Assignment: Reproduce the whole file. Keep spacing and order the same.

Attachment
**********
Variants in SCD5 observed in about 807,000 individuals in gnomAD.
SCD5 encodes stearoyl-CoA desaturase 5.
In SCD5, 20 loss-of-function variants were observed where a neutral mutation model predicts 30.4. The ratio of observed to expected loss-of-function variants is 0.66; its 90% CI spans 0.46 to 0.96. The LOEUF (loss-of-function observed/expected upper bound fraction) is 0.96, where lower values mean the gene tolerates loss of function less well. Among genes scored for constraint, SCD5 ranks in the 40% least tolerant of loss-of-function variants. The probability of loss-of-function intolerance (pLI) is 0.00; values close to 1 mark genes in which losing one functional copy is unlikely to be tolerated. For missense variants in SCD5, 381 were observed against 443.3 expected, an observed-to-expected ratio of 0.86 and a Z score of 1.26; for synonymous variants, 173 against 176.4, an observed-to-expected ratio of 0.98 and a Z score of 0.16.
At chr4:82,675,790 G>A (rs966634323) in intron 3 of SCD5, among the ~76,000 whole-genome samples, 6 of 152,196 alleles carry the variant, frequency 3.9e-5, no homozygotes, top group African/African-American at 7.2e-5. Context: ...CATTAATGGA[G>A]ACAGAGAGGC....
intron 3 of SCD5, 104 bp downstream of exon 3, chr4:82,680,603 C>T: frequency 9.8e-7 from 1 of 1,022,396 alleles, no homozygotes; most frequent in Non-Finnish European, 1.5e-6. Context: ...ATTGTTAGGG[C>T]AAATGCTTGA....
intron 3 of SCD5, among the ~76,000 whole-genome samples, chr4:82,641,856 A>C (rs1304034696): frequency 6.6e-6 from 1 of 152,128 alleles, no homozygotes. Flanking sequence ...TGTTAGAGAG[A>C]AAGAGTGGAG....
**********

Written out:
Variants in SCD5 observed in about 807,000 individuals in gnomAD.
SCD5 encodes stearoyl-CoA desaturase 5.
In SCD5, 20 loss-of-function variants were observed where a neutral mutation model predicts 30.4. The ratio of observed to expected loss-of-function variants is 0.66; its 90% CI spans 0.46 to 0.96. The LOEUF (loss-of-function observed/expected upper bound fraction) is 0.96, where lower values mean the gene tolerates loss of function less well. Among genes scored for constraint, SCD5 ranks in the 40% least tolerant of loss-of-function variants. The probability of loss-of-function intolerance (pLI) is 0.00; values close to 1 mark genes in which losing one functional copy is unlikely to be tolerated. For missense variants in SCD5, 381 were observed against 443.3 expected, an observed-to-expected ratio of 0.86 and a Z score of 1.26; for synonymous variants, 173 against 176.4, an observed-to-expected ratio of 0.98 and a Z score of 0.16.
At chr4:82,675,790 G>A (rs966634323) in intron 3 of SCD5, among the ~76,000 whole-genome samples, 6 of 152,196 alleles carry the variant, frequency 3.9e-5, no homozygotes, top group African/African-American at 7.2e-5. Context: ...CATTAATGGA[G>A]ACAGAGAGGC....
intron 3 of SCD5, 104 bp downstream of exon 3, chr4:82,680,603 C>T: frequency 9.8e-7 from 1 of 1,022,396 alleles, no homozygotes; most frequent in Non-Finnish European, 1.5e-6. Context: ...ATTGTTAGGG[C>T]AAATGCTTGA....
intron 3 of SCD5, among the ~76,000 whole-genome samples, chr4:82,641,856 A>C (rs1304034696): frequency 6.6e-6 from 1 of 152,128 alleles, no homozygotes. Flanking sequence ...TGTTAGAGAG[A>C]AAGAGTGGAG....